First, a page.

It was mid-day. The pub was quiet, the only other patron an Englishwoman sitting several tables away. The bartender/server, also a woman, was busy. I was enjoying the essays, underlining the most delightfully precise images, and didn’t even notice when the thief entered the room; I just knew that all of a sudden this young man was standing over me, much too close, aggressively thrusting a piece of paper in my face. I pushed him away with an “Oxi!” (No!) and he left. For a split- second I felt embarrassed at my reaction; I assumed he was a beggar and I’d pushed him away and I was the rude one. Then I realized my phone was gone. I ran out of the pub and saw him turning the corner, yelled, “Stop that man! He stole my phone!” (In English; couldn’t think quickly enough in Greek.) Two men helped me pursue him but he melted into the crowd at the next corner. I hadn’t even really seen his face.

Such a classic scenario, to be caught unawares, vulnerable because happily absorbed in a place I consider safe.

(Let me defend again the utter safety of Athens in general. The only other time I was pickpocketed—seems to be the closest word for this kind of burglary—I was also happily absorbed in a safe place: the University of Minnesota library!)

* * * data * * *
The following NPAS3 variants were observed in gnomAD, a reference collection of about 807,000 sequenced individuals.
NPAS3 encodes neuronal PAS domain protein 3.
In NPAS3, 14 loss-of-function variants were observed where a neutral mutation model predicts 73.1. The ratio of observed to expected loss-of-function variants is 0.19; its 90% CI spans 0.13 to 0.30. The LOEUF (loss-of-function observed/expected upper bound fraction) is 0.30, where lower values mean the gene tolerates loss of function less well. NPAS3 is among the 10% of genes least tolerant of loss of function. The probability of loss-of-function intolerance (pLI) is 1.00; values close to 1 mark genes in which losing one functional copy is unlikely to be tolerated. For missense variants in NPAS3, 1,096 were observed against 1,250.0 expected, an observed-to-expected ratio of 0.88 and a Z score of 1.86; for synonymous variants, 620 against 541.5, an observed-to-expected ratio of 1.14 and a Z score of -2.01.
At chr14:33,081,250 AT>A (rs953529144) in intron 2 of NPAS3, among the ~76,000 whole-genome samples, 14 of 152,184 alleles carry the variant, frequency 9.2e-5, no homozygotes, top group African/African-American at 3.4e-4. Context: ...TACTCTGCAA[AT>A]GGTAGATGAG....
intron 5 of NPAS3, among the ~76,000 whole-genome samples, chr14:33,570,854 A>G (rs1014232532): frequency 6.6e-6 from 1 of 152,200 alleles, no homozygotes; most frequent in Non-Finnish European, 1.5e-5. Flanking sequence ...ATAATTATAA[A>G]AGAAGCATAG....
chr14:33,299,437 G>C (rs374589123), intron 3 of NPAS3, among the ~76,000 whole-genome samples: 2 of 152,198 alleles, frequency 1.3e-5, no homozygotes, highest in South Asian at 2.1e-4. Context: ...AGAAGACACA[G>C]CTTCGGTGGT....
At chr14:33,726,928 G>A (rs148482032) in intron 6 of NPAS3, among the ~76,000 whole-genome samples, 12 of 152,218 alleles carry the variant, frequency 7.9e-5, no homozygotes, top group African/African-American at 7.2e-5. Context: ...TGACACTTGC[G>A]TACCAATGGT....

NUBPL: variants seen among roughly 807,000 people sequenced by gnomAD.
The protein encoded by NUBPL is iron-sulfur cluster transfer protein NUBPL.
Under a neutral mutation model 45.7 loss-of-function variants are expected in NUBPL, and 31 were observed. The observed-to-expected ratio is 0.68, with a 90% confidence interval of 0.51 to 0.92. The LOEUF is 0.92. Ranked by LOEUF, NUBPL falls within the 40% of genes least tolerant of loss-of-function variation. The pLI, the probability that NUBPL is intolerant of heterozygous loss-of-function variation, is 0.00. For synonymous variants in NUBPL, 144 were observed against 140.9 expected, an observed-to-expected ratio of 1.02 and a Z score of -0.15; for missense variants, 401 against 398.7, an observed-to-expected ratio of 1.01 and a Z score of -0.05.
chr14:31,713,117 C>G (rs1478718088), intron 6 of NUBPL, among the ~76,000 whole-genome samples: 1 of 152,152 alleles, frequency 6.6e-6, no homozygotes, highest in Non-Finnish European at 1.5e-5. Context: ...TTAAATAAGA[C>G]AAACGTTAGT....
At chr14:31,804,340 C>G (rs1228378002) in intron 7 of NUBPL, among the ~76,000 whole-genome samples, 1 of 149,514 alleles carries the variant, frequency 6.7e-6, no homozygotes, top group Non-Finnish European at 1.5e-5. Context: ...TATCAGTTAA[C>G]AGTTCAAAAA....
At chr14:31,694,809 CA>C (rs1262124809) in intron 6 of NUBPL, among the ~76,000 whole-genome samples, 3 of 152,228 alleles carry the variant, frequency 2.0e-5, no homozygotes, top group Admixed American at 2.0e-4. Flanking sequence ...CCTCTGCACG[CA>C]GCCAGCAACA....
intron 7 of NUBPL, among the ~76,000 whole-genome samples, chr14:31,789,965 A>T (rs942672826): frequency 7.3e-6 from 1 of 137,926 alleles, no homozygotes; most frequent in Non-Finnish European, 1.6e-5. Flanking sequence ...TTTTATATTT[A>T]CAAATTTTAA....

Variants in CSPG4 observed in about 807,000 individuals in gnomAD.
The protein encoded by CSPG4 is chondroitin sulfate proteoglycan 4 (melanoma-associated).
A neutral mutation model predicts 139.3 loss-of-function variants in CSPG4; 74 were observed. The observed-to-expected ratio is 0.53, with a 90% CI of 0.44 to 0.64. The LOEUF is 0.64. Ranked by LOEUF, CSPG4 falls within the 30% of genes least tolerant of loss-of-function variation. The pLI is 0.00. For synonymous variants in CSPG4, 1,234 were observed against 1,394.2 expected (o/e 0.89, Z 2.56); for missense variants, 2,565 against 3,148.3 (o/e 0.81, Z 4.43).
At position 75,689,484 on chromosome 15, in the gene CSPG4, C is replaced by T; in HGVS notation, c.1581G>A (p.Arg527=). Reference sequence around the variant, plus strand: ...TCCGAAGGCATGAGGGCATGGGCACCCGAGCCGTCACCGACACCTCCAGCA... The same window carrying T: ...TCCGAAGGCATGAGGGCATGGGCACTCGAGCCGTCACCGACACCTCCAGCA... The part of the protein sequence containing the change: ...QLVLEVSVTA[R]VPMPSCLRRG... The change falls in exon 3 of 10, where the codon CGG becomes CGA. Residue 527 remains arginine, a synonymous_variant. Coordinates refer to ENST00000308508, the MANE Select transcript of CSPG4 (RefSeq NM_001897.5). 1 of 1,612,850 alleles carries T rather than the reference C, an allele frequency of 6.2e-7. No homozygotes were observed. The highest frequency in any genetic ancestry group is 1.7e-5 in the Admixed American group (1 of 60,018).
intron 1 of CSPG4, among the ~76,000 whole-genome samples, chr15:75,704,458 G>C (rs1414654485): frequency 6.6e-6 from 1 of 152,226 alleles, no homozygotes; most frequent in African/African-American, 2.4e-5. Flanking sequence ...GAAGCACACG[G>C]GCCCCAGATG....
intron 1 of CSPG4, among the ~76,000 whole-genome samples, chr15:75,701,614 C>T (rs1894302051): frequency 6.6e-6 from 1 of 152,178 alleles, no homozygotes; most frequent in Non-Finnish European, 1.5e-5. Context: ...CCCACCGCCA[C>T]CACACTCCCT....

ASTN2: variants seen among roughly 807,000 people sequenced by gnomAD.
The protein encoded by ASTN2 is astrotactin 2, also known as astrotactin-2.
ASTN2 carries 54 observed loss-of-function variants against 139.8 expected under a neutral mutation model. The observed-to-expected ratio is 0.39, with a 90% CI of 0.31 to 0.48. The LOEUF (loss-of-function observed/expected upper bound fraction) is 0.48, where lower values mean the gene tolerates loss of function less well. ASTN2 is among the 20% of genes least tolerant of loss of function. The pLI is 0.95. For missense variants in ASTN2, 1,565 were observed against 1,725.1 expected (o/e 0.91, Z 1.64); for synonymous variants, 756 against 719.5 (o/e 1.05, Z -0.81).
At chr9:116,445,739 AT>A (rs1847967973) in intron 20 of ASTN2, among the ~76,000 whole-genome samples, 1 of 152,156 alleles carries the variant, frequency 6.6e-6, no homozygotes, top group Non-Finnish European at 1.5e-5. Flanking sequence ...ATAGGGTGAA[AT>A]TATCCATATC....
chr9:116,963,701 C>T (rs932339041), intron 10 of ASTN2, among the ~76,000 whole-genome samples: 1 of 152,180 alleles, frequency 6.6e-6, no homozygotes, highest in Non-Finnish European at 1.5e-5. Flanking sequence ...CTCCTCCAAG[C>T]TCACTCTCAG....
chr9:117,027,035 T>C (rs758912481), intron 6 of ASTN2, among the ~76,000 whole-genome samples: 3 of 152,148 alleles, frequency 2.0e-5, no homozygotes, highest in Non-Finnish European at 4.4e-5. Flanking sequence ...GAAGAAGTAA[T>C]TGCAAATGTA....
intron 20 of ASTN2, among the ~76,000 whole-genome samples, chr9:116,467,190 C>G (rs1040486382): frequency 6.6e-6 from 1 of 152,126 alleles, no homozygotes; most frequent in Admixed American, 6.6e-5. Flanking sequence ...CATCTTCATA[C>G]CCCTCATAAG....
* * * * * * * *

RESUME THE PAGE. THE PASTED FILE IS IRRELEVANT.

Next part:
I would have preferred a better ending to my visit.

Well, I think this post was for me, folks. Thanks for reading, if you’ve gotten this far. And let me treat you to a few photos, for I know the pleasures of our blogs are in the photographs, and thanks to my friend Isabella at the Athens Centre, I’ve got some to share.

Gorgeous shot of ancient Corinth. Thanks, Isabella!
Gorgeous shot of ancient Corinth. Thanks, Isabella!
Wouldn't you love to be a dog living at an ancient ruin? Sweet dog at Corinth.
Wouldn’t you love to be a dog living at an ancient ruin? Sweet dog at Corinth.
Sublime day at Mycenae.
Sublime day at Mycenae.
And here we all are--my good group--at the ancient theatre of Epidauros.
And here we all are–my good group–at the ancient theatre of Epidauros.

I love to watch them rapt

My friend Nancy collects images of women reading. I think of her every time I see a painting of a woman engrossed in a book or those postcard compilations and calendars titled Reading Women that museums produce.